What it is: Scandinavian design for the masses in crossover, sedan, and eventually wagon shapes, no assembly required.
Why it matters: Volvo hasn’t sold the compact 40-series in the U.S. in six years, but the premium-compact SUV and sedan classes have been booming ever since.
Platform: Volvo’s new Compact Modular Architecture (CMA) accommodates front- or all-wheel drive and adjusts in every dimension save for the distance between the front axle and the firewall. Powertrain: Turbocharged three- and four-cylinder engines will pair with a sixspeed automatic transmission, although the three may only make it to U.S. showrooms in the planned plug-in–hybrid models. That powertrain will combine the boosted three-cylinder, a seven-speed dual-clutch automatic, an electric motor/ generator, and a 9.7-kWh battery for approximately 250 horsepower. A battery-electric model in an unspecified body style should deliver more than 200 miles of range.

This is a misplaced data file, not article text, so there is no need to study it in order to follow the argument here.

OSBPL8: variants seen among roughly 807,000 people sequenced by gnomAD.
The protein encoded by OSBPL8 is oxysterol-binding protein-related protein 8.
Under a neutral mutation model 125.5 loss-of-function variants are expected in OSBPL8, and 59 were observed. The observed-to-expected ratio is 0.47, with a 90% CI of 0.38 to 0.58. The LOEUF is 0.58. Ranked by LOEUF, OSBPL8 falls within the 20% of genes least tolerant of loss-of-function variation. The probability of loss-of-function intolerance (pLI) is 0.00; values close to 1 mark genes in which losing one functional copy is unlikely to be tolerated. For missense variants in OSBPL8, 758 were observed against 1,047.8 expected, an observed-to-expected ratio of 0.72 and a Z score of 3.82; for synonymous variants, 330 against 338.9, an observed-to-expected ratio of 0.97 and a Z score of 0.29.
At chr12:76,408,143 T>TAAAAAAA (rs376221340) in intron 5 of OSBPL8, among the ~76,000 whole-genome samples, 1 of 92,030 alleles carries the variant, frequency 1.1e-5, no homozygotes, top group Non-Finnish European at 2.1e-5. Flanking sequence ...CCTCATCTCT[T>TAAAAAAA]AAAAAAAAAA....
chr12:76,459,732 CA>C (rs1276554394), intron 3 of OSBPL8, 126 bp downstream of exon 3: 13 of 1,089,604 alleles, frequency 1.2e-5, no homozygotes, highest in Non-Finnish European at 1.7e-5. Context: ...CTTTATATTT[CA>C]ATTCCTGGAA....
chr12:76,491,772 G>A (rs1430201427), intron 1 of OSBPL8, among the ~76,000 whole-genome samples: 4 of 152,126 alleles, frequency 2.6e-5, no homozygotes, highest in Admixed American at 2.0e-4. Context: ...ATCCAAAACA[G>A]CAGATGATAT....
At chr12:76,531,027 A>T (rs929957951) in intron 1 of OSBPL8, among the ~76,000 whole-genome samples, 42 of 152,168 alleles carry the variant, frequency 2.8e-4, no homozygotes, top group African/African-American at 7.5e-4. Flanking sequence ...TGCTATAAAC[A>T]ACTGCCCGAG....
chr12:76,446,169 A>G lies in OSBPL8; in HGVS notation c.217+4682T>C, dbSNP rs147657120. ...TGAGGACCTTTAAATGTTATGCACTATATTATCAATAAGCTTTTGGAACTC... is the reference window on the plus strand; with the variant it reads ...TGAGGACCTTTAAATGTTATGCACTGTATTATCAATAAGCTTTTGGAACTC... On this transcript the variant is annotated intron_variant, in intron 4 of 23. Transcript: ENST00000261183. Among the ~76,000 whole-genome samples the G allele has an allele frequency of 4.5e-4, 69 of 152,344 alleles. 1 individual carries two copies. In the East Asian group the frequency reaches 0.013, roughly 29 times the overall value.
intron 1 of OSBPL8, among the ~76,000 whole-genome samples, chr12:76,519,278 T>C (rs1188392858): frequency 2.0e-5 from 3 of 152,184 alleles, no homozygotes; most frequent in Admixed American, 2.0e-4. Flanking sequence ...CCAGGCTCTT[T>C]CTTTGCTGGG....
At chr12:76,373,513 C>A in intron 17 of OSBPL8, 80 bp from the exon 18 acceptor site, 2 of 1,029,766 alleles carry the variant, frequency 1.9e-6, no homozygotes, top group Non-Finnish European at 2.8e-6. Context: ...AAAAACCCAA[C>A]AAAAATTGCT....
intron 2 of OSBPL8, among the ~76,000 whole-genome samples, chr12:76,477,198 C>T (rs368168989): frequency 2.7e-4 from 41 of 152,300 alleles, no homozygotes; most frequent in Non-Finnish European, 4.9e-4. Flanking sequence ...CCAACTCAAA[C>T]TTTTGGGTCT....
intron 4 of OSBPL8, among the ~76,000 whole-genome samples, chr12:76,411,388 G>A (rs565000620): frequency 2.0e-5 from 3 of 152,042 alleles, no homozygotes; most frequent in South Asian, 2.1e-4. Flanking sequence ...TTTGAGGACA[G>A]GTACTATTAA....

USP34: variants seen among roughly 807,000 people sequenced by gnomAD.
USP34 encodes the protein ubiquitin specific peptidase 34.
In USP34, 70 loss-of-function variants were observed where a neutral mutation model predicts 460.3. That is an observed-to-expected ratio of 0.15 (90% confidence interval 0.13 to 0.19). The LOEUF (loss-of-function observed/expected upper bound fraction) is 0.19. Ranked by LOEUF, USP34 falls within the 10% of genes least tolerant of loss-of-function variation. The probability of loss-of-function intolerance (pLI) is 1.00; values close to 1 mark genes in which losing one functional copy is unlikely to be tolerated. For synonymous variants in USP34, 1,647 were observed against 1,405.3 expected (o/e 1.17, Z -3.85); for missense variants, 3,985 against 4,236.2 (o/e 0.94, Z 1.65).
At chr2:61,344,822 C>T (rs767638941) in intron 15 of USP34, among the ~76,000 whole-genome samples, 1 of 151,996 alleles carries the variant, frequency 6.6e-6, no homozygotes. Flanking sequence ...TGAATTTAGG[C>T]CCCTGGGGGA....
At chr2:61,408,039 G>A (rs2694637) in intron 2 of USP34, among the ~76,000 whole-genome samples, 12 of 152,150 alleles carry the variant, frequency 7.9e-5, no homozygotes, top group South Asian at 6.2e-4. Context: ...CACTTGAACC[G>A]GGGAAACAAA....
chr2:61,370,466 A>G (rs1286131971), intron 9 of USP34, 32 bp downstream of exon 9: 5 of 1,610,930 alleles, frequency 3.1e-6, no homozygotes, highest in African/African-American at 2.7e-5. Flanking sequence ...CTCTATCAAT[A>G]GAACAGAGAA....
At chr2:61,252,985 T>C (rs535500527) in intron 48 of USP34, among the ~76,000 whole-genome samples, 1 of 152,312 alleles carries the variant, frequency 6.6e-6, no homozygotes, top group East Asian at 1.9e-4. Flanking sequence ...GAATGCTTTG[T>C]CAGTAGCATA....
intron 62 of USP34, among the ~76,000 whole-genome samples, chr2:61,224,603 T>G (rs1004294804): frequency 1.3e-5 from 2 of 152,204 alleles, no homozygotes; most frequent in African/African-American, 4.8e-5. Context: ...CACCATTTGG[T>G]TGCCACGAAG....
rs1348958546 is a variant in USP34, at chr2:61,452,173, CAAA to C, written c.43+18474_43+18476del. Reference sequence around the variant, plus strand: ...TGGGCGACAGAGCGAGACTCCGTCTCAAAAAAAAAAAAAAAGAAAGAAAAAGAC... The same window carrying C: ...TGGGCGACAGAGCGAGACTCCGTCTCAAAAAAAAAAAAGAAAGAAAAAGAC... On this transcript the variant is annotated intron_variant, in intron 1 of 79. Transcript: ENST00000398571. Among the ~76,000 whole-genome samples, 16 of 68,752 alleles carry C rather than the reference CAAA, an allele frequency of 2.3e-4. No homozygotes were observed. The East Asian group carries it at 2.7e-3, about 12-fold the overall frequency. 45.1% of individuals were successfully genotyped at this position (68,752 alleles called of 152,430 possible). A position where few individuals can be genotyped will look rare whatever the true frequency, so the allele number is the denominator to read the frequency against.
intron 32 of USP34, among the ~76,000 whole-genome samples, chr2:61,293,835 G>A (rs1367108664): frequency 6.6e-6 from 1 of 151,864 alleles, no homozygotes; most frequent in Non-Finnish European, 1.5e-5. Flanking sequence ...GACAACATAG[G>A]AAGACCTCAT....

Competition: For the XC40: Audi Q3, Infiniti QX30, Lexus NX, Lincoln MKC, Mercedes-Benz GLA-class. For the S40: Acura ILX, Audi A3, Lexus CT200h, Mercedes-Benz CLA-class. For the V40: Volkswagen Golf SportWagen.
What might go wrong: Lynk & Co, a Chinese automaker owned by the same holding company as Volvo, plans to develop cars on the XC40’s platform. That demands a delicate balance between controlling costs for the mainstream brand and optimizing the structure for the luxury marque. Volvo has its work cut out for it if its CMA is going to match Volkswagen’s MQB—not just in versatility but in perceived quality as well. All MQB vehicles drive like premium hardware, even the most pedestrian ones.
Estimated arrival and price: Expect the XC40 to launch at the end of the year with a starting price under $35,000. The S40 sedan will follow about a year later at a slight discount, with the V40 wagon arriving in 2019.